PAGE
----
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We present an approximate analysis of a queue with dynamically changing input rates that are based on implicit or explicit feedback. This is motivated by recent proposals for adaptive congestion control algorithms [RaJa 88, Jac 88], where the sender's window size at the transport level is adjusted based on perceived congestion level of a bottleneck node. We develop an analysis methodology for a simplified system; yet it is powerful enough to answer the important questions regarding stability, convergence (or oscillations), fairness and the significant effect that delayed feedback plays on performance. Specifically, we find that, in the absence of feedback delay, the linear increase/exponential decrease algorithm of Jacobson and Ramakrishnan-Jain [Jac 88, RaJa 88] is provably stable and fair. Delayed feedback on the other hand, introduces oscillations for every individual user as well as unfairness across those competing for the same resource. While the simulation study of Zhang [Zha 89] and the fluid-approximation study of Bolot and Shanker [BoSh 90] have observed the oscillations in cumulative queue length and measurements by Jacobson [Jac 88] have revealed some of the unfairness properties, the reasons for these have not been identified. We identify quantitatively the cause of these effects, via-a-vis the systems parameters and properties of the algorithm used. The model presented is fairly general and can be applied to evaluate the performance of a wide range of feedback control schemes. It is an extension of the classical Fokker-Planck equation. Therefore, it addresses traffic viability (to some extent) that fluid approximation techniques do not address.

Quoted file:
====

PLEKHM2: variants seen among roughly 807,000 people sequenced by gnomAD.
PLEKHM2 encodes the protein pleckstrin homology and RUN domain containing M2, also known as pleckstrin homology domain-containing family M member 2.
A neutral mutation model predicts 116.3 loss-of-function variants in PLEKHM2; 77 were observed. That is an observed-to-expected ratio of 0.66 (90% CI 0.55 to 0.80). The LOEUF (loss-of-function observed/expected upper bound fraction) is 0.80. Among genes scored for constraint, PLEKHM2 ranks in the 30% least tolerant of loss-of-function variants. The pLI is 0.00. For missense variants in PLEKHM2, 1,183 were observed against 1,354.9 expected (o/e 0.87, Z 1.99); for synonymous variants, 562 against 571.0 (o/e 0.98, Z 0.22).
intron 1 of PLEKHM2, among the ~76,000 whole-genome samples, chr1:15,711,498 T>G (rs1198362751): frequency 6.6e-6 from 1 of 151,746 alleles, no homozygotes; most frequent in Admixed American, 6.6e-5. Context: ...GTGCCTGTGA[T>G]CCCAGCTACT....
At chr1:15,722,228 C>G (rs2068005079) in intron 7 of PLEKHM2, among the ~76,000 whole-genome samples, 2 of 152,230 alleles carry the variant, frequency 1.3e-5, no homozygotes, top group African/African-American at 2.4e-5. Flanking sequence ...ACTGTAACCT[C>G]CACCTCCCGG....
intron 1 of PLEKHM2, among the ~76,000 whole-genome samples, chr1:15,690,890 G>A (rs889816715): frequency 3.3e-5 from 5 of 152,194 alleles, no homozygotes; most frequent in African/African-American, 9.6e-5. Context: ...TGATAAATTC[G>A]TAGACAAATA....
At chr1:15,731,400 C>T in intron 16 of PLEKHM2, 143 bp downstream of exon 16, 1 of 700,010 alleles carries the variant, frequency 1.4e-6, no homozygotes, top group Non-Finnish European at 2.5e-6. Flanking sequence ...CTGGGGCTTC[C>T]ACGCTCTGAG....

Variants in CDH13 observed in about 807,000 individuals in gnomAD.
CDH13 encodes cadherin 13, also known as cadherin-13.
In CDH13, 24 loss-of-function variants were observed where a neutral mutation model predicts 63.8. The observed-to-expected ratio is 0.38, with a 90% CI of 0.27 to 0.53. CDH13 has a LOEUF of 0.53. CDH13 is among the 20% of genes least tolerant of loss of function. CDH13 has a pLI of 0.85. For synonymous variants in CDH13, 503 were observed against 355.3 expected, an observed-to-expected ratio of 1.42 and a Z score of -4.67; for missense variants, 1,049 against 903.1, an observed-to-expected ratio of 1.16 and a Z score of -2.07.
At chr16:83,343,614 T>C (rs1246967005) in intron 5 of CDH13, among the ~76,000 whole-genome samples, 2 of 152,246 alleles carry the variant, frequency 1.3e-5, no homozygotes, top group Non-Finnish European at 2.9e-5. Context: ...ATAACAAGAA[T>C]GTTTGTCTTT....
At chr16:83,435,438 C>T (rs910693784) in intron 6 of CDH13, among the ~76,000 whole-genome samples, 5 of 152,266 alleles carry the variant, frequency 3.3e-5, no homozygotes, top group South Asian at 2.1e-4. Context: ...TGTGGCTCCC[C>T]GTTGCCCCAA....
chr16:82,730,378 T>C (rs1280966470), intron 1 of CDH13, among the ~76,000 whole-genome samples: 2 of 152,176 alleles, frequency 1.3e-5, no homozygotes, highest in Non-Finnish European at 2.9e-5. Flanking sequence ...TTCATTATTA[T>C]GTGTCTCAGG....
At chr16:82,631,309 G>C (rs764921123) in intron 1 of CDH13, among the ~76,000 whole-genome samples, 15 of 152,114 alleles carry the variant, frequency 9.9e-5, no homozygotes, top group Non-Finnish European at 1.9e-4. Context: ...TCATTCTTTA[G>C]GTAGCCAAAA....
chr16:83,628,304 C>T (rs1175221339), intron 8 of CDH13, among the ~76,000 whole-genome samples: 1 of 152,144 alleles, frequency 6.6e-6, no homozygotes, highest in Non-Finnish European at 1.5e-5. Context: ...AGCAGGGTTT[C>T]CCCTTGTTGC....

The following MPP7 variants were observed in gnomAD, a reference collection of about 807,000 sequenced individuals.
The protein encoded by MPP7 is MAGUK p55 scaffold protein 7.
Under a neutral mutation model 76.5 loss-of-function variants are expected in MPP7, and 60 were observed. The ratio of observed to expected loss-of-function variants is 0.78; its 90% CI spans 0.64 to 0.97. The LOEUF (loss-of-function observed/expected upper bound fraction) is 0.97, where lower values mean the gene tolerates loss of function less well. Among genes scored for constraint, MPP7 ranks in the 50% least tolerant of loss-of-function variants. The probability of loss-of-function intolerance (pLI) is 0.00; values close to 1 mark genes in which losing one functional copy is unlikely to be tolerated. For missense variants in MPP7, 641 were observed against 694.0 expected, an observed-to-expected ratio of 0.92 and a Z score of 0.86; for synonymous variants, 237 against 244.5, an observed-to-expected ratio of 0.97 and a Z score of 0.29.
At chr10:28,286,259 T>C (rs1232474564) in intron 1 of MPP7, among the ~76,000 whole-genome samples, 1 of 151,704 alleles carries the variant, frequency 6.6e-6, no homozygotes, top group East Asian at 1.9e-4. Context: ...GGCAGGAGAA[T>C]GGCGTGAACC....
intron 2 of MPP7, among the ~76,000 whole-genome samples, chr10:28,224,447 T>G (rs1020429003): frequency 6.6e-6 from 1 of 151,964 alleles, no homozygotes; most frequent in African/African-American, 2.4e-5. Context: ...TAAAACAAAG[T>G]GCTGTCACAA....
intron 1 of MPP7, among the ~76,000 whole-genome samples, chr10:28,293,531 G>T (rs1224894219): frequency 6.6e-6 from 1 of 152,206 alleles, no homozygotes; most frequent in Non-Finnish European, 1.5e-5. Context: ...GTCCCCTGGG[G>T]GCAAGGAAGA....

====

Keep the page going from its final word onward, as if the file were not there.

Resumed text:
Amarnath Mukherjee and John C. Strikwerda, "Analysis of Dynamic Congestion Control Protocols: A Fokker-Planck Approximation", . February 1991.
Date Posted: 08 August 2007